Afghan bakeries put women to work

U.N. program represents breach of Taliban rule

July 09, 2000|By LOS ANGELES TIMES

KABUL, Afghanistan - Four years after Taliban clerics abolished most of the rights of women in Afghanistan, a fortunate few are finding solace - and survival - in baking loaves of bread.

About 350 women, some with professional degrees, fan out across the ruins of this city each morning, shed their mandatory head-to-toe burkas and plunge their hands into mounds of dough.

It's tedious work, but in a country where almost no women hold jobs, the bakeries mark a tentative but significant breach in the Taliban's radical Islamic rule. Because the jobs - and most of the bread - are set aside for widows with children, the bakeries are helping to sustain families otherwise on the edge of starvation.

"The life of Afghan women is so bad - we are locked at home and cannot see the sun," said Najeeba, a 35-year-old widow with five children who stood without her burka at the Airport Road bakery here in the capital.

Before the Taliban came to power, Najeeba, a college graduate, worked as an engineer. With her husband dead and the Taliban prohibiting her from working, Najeeba could barely keep her family alive. Now she looks forward to coming into the bakery.

The program is the brainchild of the United Nations World Food Program, which oversees the effort to alleviate Afghanistan's annual food shortages. The agency's leaders, eager to get food to what is perhaps the country's neediest group, came up with the idea three years ago.

But it wasn't until earlier this year that the bakeries achieved a measure of independence from the country's leaders. Today, the 25 bakeries provide bread to about 7,000 families headed by widows - as well as jobs for women.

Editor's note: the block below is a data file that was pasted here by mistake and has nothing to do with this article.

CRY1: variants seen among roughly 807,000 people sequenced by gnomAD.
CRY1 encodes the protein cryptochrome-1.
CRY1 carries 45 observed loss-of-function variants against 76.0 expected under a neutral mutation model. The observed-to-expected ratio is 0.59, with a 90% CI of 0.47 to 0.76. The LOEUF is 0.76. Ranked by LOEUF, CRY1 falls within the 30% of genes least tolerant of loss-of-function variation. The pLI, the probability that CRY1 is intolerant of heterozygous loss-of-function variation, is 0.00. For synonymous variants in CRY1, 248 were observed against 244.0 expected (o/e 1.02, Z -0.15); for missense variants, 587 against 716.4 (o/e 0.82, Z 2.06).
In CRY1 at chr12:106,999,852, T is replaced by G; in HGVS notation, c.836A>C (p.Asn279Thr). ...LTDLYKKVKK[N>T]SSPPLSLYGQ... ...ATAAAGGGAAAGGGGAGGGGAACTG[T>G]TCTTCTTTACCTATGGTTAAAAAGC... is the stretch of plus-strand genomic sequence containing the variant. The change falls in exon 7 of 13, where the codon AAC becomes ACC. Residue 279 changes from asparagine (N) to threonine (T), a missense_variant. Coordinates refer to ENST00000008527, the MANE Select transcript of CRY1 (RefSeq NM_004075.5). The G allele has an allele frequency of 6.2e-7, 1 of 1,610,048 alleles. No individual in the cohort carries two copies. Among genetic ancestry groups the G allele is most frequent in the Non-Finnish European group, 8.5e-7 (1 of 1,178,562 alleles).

"The women get income from these jobs, but it's more than that," said Peter Goossens, the World Food Program's deputy director in Kabul. "Suddenly they feel useful again."

The bakeries, tucked away in rented buildings across the city, represent some of the only signs of progress after nearly four years of Taliban rule.

The movement took control of Kabul after the years of civil war that followed the withdrawal of the Soviet Union in 1989.

Taliban clerics imposed a Draconian form of Islamic law whose harshest edicts fall on women: They are barred from working and studying and must cover their heads, faces and bodies when they walk the streets.

The story of Nasima, a 35-year-old woman whose name has been changed to protect her identity, mirrors that of many who work in the World Food Program bakeries. When her husband died in a rocket attack on the city in 1996, Nasima became a young widow without means to provide for her four children. Defying the Taliban's ban on working, she secretly washed clothing for the more fortunate of the city.

It wasn't enough. Two of her children, suffering malnutrition, weakened and lost the ability to walk. Recently, Nasima started work at the WFP bakery. With 12 other women, she stands at the front of the wood-fired oven and shovels the loaves in and out. For her efforts, she receives five loaves of bread each day - and $1.

Taliban leaders shrug off complaints about their treatment of women, even as aid officials report that conditions for Afghanistan's women have worsened.

Until recently, the only women permitted to work were physicians - because, under Taliban rules, male doctors are prohibited from treating women. In recent weeks, the female staffs at Kabul's few hospitals have been drastically scaled back.

"These are our traditions," Foreign Minister Wakil Ahmed Mutawakel said in an interview. "We do not agree with human rights as defined by the Western countries."

Officials with the World Food Program started the bakeries three years ago but shut them after persistent Taliban harassment, much of it due to the regime's objections to the female staff. WFP officials agreed to reopen the bakeries in March only after Taliban leaders agreed to let the agency run the facilities independently.

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